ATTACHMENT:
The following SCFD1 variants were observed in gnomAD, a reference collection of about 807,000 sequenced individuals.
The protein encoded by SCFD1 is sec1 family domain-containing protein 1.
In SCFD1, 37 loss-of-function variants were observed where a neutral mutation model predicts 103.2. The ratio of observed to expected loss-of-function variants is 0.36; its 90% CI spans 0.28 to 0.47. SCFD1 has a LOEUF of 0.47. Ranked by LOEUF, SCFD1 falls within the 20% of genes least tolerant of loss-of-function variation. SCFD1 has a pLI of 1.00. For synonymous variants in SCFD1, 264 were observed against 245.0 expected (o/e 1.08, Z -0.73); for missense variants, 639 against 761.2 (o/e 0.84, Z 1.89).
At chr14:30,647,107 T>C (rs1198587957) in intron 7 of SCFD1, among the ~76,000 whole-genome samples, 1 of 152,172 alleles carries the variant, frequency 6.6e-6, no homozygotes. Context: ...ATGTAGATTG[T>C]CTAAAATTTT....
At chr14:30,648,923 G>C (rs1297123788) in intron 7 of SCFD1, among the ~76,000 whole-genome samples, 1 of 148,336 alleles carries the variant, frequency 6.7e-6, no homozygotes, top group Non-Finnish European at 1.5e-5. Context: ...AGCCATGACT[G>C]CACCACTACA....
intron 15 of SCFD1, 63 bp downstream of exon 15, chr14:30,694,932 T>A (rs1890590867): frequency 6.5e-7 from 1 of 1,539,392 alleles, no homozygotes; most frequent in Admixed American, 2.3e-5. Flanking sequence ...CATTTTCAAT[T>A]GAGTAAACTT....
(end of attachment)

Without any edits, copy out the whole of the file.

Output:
The following SCFD1 variants were observed in gnomAD, a reference collection of about 807,000 sequenced individuals.
The protein encoded by SCFD1 is sec1 family domain-containing protein 1.
In SCFD1, 37 loss-of-function variants were observed where a neutral mutation model predicts 103.2. The ratio of observed to expected loss-of-function variants is 0.36; its 90% CI spans 0.28 to 0.47. SCFD1 has a LOEUF of 0.47. Ranked by LOEUF, SCFD1 falls within the 20% of genes least tolerant of loss-of-function variation. SCFD1 has a pLI of 1.00. For synonymous variants in SCFD1, 264 were observed against 245.0 expected (o/e 1.08, Z -0.73); for missense variants, 639 against 761.2 (o/e 0.84, Z 1.89).
At chr14:30,647,107 T>C (rs1198587957) in intron 7 of SCFD1, among the ~76,000 whole-genome samples, 1 of 152,172 alleles carries the variant, frequency 6.6e-6, no homozygotes. Context: ...ATGTAGATTG[T>C]CTAAAATTTT....
At chr14:30,648,923 G>C (rs1297123788) in intron 7 of SCFD1, among the ~76,000 whole-genome samples, 1 of 148,336 alleles carries the variant, frequency 6.7e-6, no homozygotes, top group Non-Finnish European at 1.5e-5. Context: ...AGCCATGACT[G>C]CACCACTACA....
intron 15 of SCFD1, 63 bp downstream of exon 15, chr14:30,694,932 T>A (rs1890590867): frequency 6.5e-7 from 1 of 1,539,392 alleles, no homozygotes; most frequent in Admixed American, 2.3e-5. Flanking sequence ...CATTTTCAAT[T>A]GAGTAAACTT....